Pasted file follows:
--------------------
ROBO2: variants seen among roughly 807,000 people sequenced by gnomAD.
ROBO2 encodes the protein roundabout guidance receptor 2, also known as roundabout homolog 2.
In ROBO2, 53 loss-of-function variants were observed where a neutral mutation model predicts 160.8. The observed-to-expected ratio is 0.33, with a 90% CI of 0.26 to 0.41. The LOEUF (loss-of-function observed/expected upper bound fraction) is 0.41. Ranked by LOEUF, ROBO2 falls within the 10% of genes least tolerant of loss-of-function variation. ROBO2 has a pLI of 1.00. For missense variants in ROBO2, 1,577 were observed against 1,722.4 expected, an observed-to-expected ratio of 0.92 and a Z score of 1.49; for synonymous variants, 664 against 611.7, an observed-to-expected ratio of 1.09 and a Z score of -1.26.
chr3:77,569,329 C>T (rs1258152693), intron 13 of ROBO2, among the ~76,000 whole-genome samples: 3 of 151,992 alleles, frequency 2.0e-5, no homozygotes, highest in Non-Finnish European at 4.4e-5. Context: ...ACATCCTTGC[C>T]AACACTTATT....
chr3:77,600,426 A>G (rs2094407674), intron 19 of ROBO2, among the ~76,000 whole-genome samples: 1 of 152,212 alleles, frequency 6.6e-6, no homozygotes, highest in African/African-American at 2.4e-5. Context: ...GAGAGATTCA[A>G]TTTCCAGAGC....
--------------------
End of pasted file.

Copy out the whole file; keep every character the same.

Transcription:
ROBO2: variants seen among roughly 807,000 people sequenced by gnomAD.
ROBO2 encodes the protein roundabout guidance receptor 2, also known as roundabout homolog 2.
In ROBO2, 53 loss-of-function variants were observed where a neutral mutation model predicts 160.8. The observed-to-expected ratio is 0.33, with a 90% CI of 0.26 to 0.41. The LOEUF (loss-of-function observed/expected upper bound fraction) is 0.41. Ranked by LOEUF, ROBO2 falls within the 10% of genes least tolerant of loss-of-function variation. ROBO2 has a pLI of 1.00. For missense variants in ROBO2, 1,577 were observed against 1,722.4 expected, an observed-to-expected ratio of 0.92 and a Z score of 1.49; for synonymous variants, 664 against 611.7, an observed-to-expected ratio of 1.09 and a Z score of -1.26.
chr3:77,569,329 C>T (rs1258152693), intron 13 of ROBO2, among the ~76,000 whole-genome samples: 3 of 151,992 alleles, frequency 2.0e-5, no homozygotes, highest in Non-Finnish European at 4.4e-5. Context: ...ACATCCTTGC[C>T]AACACTTATT....
chr3:77,600,426 A>G (rs2094407674), intron 19 of ROBO2, among the ~76,000 whole-genome samples: 1 of 152,212 alleles, frequency 6.6e-6, no homozygotes, highest in African/African-American at 2.4e-5. Context: ...GAGAGATTCA[A>G]TTTCCAGAGC....